As a founder, you will need to ensure that you have control over the IP needed to run your business. This ensures you’re not relying on a third party for your business to operate. This also means that you have control over your future and you can be sure that you will avoid expensive legal procedures over IP ownership or control.

You or your co-founders may have developed something innovative that existed before you created the company. This means that the company will have to formally gain control of the IP to ensure that your business is in control. The original owner of the IP will need to agree to provide the company with full ownership and control over the IP. Therefore, providing something of value to the company.

Furthermore, you would extend the IP ownership to employees and state that anything created within the same industry or similar technology, solution or process would be owned by the company unless agreed by the company.

5. Employee contracts and offer letters

Although, planning for future growth might seem a long way off. There may come a time when you must consider increasing the size of your team with key employees. When this happens you should understand employees need to have clear, concise and easy to understand employment contracts and agreements.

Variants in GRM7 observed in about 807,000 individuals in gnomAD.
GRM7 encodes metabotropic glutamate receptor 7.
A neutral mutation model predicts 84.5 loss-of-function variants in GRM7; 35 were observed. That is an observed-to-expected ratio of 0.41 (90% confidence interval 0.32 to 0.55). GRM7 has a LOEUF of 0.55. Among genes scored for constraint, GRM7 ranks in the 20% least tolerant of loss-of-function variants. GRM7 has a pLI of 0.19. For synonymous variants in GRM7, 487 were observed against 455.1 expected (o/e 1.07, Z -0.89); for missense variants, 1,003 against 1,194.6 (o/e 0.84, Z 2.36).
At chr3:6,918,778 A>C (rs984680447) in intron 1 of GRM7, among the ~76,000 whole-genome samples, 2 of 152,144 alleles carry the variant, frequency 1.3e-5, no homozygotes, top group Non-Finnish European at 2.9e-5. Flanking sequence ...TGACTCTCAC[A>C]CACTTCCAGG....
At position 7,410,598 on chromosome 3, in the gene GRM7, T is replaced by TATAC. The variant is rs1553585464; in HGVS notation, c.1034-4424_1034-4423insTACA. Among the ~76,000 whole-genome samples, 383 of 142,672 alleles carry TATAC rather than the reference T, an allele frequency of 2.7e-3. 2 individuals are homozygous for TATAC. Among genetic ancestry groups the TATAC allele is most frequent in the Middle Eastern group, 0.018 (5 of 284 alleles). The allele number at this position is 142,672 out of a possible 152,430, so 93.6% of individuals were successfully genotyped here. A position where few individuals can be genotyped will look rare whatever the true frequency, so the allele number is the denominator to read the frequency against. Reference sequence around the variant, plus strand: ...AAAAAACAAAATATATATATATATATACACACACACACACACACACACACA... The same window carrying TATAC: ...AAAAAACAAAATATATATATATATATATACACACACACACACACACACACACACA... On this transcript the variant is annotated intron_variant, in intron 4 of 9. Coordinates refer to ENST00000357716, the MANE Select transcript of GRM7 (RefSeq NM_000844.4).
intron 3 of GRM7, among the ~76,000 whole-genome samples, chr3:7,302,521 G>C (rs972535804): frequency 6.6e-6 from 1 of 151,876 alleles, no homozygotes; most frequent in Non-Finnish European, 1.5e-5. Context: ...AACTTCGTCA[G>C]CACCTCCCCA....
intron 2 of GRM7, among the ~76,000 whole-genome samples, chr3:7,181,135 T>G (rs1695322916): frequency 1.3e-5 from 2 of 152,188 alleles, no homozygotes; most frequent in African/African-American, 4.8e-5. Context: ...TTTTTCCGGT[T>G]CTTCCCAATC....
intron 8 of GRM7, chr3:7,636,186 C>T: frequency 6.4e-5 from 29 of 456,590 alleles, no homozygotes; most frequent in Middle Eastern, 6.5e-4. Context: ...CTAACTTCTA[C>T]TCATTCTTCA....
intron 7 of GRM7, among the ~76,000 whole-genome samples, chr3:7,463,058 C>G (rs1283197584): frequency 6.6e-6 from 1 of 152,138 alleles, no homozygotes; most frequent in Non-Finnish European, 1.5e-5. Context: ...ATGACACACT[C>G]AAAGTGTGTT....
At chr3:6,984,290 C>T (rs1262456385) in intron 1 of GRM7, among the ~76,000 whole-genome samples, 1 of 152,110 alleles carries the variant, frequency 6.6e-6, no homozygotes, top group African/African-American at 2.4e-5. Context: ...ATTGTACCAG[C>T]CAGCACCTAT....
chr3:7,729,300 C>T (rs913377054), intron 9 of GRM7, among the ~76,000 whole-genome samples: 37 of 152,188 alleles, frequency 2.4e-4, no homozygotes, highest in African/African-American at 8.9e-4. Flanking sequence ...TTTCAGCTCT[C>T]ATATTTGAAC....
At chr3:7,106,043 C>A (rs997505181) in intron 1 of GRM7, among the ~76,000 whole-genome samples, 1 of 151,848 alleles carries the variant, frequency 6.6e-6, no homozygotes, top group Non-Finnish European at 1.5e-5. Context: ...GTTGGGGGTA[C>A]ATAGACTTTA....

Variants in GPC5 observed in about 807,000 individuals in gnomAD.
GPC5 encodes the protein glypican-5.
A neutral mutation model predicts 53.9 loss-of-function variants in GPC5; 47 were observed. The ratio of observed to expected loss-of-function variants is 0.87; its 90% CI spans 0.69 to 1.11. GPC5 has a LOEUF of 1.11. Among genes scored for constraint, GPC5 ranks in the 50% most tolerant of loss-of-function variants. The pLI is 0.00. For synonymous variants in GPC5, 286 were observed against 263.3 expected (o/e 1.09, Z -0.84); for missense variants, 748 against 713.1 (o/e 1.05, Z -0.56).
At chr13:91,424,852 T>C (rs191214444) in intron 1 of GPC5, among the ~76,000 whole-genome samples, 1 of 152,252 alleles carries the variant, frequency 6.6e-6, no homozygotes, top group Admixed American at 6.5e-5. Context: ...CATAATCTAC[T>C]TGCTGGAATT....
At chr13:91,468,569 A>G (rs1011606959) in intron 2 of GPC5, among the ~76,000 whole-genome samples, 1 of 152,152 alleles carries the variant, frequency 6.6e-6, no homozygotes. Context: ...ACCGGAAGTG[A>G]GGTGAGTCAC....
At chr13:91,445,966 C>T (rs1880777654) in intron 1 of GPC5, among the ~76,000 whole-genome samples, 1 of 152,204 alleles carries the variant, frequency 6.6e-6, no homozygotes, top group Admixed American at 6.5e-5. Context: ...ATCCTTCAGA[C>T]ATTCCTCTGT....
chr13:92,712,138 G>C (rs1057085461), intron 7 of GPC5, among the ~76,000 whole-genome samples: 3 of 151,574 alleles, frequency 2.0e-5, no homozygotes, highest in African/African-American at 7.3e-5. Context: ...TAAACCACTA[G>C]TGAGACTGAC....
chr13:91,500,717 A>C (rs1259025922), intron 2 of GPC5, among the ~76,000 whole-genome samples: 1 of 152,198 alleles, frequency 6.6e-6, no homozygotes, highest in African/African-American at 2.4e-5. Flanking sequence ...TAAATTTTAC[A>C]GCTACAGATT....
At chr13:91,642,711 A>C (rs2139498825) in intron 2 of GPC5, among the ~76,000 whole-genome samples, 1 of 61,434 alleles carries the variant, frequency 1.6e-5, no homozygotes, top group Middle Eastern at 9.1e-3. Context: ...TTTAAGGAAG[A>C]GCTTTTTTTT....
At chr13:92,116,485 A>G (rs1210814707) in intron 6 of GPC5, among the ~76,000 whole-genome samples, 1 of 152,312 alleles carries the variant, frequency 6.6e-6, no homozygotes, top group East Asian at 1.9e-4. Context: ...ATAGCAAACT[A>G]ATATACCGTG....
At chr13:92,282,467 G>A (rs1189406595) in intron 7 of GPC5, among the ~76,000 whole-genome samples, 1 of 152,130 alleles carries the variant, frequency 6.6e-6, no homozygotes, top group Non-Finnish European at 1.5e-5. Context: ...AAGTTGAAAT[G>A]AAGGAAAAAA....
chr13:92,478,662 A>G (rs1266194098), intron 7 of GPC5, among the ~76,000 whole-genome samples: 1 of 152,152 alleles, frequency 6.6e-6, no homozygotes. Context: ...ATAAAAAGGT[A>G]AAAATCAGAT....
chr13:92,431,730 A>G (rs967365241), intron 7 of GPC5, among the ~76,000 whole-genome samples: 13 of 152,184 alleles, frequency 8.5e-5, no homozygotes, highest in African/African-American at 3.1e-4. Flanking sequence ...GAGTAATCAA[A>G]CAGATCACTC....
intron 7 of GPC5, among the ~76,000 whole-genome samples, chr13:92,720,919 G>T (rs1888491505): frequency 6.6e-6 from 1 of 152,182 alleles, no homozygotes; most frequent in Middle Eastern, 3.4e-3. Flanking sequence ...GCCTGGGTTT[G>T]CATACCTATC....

Some of which should include information on the roles and responsibilities, direct manager, reporting structure, working hours, Human Resources policies and other company related information.

It’s understandable if you avoid the recommendations until you’re ready to hire your first employee. It’s not worth splitting your time between employee contracts and finding your first customer to keep you in business. Although, you should be aware of the main company documentation needed when hiring talent for your business.

​6. Non-disclosure agreements (NDA)

Protecting yourself, company knowledge, intellectual property and ideas is vital when you start to work with people inside and outside your company.

A non-disclosure agreement (NDA) is there to protect your business by detailing exactly what information cannot be discussed or shared with external parties for a specific period. The time period could be anywhere from several months to indefinitely.

Company procedures for company confidential information will be included within the NDA. Helping employees and third parties make better decisions when it comes to your business data. This often reduces honest mistakes and threatens dishonesty with appropriate legal action.


Starting a business is more than your idea, it involves some careful planning and preparation to put your business on the right track, so you don;t make an early mistake that can harm and reduce your future options.

You don’t know what might happen in the future and providing your business with the most options for an uncertain future would be the most sensible option.

Completing the documentation, agreements and legal structure might not be the most exciting for many entrepreneurs, as many business owners are ‘doers’ and want to get started.

However, choosing to do the work at the start could save you a lot of time, money and stress in the future.

Good luck!